For thousands of years during China’s feudal era such “female virtues” had been widely accepted as a code of conduct for women.
These included obeying one’s father, husband and son; valuing and guarding one’s virginity; and understanding that a woman without talent was virtuous.
These rules were taught at homes and schools, and used as tools to enslave and suppress women in ancient China.
It was not until Chairman Mao made his famous assertion that “women hold up half of the sky”, after the People’s Republic of China was founded in 1949, that Chinese women started to rise in social status.
The possibility that feudal ideas may be making a comeback, in the name of traditional culture, is a real concern to many.
But ideology may not be the sole motivating force behind these institutes.
Take the Fushun cultural centre. It was approved by Fushun’s civil affair bureau as a “public welfare mass organisation”, and was never given accreditation to run schools.
But that didn’t stop its founders from opening schools and training camps in various cities across China. It had more than 10,000 students before it shut down, according to media reports.
The enterprise was funded entirely by donations from students, said the institute’s headmaster Kang Jinsheng in a promotional video. It also ran a side business making traditional Chinese costumes and selling them online or supplying them for cultural events.
The centre targeted families who had troubled teenagers and promised to change them through its version of traditional culture. It also advertised to companies and said its teachings could help a more harmonious office environment.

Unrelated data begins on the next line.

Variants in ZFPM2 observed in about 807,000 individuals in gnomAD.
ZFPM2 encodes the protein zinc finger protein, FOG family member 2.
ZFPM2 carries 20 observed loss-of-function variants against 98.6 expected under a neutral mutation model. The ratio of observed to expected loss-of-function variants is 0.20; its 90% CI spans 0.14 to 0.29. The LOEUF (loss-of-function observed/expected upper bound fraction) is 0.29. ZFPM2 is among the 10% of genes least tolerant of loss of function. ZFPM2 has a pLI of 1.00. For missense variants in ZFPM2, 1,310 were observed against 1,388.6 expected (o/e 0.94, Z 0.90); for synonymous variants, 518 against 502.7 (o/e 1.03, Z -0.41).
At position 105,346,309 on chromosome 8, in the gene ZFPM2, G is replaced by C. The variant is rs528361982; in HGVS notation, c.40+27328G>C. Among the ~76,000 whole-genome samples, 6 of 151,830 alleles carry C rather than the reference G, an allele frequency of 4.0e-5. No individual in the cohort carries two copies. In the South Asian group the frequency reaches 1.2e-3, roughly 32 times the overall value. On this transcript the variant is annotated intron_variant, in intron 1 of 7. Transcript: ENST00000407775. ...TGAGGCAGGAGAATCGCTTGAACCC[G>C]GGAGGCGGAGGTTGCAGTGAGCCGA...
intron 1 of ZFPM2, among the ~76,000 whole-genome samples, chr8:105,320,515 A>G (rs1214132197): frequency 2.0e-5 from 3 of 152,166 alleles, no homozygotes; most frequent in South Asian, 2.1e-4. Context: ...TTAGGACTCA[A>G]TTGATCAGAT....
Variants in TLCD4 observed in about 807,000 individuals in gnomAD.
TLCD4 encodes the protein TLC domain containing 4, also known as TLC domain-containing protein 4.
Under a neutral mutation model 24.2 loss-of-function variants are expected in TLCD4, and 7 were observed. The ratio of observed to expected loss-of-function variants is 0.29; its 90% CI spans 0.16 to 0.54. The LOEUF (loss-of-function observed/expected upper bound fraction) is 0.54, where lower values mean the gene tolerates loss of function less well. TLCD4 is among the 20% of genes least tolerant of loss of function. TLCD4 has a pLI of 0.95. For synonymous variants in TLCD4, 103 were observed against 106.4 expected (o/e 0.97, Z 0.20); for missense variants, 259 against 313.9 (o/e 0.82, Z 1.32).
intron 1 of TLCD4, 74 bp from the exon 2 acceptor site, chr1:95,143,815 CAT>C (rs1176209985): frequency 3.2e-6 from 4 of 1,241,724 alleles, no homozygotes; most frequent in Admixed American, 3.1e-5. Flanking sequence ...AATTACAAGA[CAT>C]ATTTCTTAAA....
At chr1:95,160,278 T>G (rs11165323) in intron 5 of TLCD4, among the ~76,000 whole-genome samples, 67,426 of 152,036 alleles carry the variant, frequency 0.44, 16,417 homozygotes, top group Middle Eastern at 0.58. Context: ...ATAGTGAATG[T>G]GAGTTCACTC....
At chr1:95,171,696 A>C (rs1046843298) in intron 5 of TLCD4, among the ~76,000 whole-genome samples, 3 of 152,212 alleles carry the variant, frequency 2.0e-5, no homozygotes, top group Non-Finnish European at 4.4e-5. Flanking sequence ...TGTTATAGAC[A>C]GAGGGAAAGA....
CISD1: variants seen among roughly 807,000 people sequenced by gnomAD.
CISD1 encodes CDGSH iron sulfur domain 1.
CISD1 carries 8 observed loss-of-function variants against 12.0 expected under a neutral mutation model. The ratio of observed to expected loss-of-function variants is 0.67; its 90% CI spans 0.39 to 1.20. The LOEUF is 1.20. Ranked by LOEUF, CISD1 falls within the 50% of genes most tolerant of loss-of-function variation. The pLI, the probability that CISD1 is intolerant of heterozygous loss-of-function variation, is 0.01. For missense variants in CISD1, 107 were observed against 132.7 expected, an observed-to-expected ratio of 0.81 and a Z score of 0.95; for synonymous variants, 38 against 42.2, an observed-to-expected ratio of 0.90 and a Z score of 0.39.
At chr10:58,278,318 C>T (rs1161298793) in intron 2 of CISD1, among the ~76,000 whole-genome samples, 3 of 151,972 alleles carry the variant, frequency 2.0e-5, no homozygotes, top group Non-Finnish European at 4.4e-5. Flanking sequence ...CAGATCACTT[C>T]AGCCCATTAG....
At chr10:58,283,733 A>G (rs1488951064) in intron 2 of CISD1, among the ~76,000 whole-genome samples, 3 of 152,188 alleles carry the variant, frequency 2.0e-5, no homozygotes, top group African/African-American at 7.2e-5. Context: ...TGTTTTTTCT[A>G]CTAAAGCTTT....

Another similar centre in Dongguan was registered as an events and performance company, yet it was recruiting students and collecting tuition fees. It was shut down by the local government in 2014 on charges of profit-making in the name of charity.
Such centres are suspected of making money under the pretext of promoting traditional Chinese culture. Many have been shut down because of their questionable legal status or uncertified teaching content.
But there are plenty that are still operating. Even though Fushun’s main centre has been shut down, its other branches are still up and running.
So can such ideas really have a market in China?
Most students have tended to be rural women with little education, some in unhappy marriages where they were mistreated by their husbands.
They found comfort in meeting other women with similar problems, and the lessons taught in these centres – that women were of a lower status than men – seemed to have provided an explanation and solution to their problems.
In one leaked video, a female student said she attended the classes because her husband hoped she could regain a woman’s “soft” and “obedient” nature.
By gathering regularly and sharing each other’s stories, these women formed a support group. Many ended up working as volunteers for the institute and helped to teach new students.
“The fundamental help needs to come from policymakers,” said Xie Lihua, editor of Rural Women magazine and an expert on women issues in China.
“Lack of education, social support and legal protection for women’s rights in rural areas have provided grounds for such ideology.”
She pointed out that without such protection, more serious issues facing rural women, such as the sexual assault of young girls and non-entitlement to land, would not get resolved either.
As for these “female virtue classes”, Ms Xie said they should not be treated seriously.
“The tide of history can’t be overturned. Chinese society has moved on towards gender equality. The right thing to do is to give it a laugh and forget it.”